Forests of Crater Lake National Park
Lodgepole Pine (Pinus Contorta)
There is one tree in particular whose occurrence in the park is nearly general, except upon the highest peaks. This is the lodgepole pine (Pinus contorta) that, in various regions, is known under the name of black pine, scrub pine, tamarack, and jack pine. This wanderer is equally at home from the glaciers of Alaska to southern California and from the sand dunes of the Pacific to the Rocky Mountains.
In central and southern Oregon vast stands of pure lodgepole pine occur, covering high sandy plateaus and steep mountain slopes alike with a thick forest of small poles. In other places it creeps in among its larger brethren, the sugar pine, yellow pine, and fir, and is content in forming an under story beneath their taller crowns.
Lodgepole (fig. 9) is the only Pacific coast pine that invariably bears its needles in clusters of two. The harsh, slightly curved needles are about 2 inches long, bright yellow green, and thickly clothe the outer portion of the slender twigs. The small prickly cones are wonderfully persistent, and often cling to the branches for many years without liberating their tiny seeds. Sixty feet is an average height for this tree, and it rarely exceeds a diameter of 20 inches. In dense forests the slender trunks, clothed with reddish-brown checked bark, carry open, rounded, or slender cylindrical crowns.
Dense stands of lodgepole pine are sadly ravaged by bark beetles and fire, against which their thin bark offers little protection. The timber over thousands of acres has been killed by these causes, but owing to the great vitality of the seed and the fact that much of it is liberated after the trees are dead, the stand is soon replaced by a dense growth of seedlings. It also has replaced other species over immense areas denuded by early fires.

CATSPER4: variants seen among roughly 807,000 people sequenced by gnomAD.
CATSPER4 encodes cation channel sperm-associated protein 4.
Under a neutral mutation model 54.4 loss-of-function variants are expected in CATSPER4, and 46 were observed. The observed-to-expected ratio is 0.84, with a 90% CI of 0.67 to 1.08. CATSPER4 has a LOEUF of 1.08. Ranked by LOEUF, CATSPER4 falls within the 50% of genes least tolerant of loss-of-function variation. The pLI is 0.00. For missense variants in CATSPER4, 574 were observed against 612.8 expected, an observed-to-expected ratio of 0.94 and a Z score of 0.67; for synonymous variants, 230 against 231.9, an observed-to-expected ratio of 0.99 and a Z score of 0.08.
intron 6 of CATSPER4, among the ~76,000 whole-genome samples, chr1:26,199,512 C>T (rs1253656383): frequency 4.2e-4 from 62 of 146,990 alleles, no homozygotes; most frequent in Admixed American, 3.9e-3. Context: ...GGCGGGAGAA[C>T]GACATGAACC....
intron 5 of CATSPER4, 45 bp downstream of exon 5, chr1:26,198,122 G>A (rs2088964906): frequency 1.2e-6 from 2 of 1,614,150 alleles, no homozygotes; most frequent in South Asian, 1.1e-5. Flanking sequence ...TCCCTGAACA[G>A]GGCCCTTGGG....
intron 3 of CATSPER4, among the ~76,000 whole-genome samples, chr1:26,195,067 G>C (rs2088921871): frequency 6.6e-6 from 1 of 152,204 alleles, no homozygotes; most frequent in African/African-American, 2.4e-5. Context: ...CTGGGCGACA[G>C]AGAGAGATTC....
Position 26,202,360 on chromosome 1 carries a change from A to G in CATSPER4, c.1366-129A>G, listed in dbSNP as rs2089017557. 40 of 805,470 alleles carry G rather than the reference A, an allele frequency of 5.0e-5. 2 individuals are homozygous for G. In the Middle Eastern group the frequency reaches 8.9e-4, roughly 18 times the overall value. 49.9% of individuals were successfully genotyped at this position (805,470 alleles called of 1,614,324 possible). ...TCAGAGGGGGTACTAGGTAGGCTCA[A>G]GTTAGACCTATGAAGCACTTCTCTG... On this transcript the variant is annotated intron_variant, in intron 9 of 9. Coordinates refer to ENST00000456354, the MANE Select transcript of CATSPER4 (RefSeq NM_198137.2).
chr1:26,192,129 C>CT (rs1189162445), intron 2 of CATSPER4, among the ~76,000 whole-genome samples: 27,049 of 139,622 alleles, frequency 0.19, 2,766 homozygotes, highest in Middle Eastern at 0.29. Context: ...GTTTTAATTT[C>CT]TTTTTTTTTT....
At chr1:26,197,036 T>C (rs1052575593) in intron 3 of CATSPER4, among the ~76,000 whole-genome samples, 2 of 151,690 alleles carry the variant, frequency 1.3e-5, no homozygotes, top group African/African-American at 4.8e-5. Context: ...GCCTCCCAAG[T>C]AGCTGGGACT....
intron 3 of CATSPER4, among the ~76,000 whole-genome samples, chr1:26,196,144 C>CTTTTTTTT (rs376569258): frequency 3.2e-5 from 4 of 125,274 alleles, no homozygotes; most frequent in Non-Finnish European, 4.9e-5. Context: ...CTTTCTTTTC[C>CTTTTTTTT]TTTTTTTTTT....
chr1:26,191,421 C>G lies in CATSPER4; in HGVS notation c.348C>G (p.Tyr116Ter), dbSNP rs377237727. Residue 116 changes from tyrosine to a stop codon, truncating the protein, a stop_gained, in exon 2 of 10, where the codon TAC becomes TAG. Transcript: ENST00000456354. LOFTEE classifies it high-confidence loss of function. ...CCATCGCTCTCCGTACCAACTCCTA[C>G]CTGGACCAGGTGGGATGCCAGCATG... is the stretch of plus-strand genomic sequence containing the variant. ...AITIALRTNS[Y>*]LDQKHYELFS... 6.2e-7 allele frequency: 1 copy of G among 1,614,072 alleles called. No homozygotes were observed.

Lodgepole pine does not yet claim much attention in the lumber industry, as only about 1 per cent of the total lumber cut is made up of this timber. The long clean trunks produced in dense stands are growing in favor for posts, poles, and ties, and the species is particularly valuable for watershed protection in many dry regions unfavorable for other trees.
From Fort Klamath to Crater Lake lodgepole pine will be seen in abundance, at some places in dense pole thickets, but more often mixed among other species. Lodgepole pine is one of the trees in the forest background that sets off to such advantage the carved walls and pillars of the wonderful Anna Creek Canyon. Within the park and below the western entrance persistent growths of this tree climb from the lower moraine-littered slopes up to the very rim of the crater. Wherever it occurs it is much the same cheerful, hardy tree, adapting itself to dry pumice sands and wet marsh borders alike, and doing more than its share in forming the forest cover over vast areas in the higher mountain regions.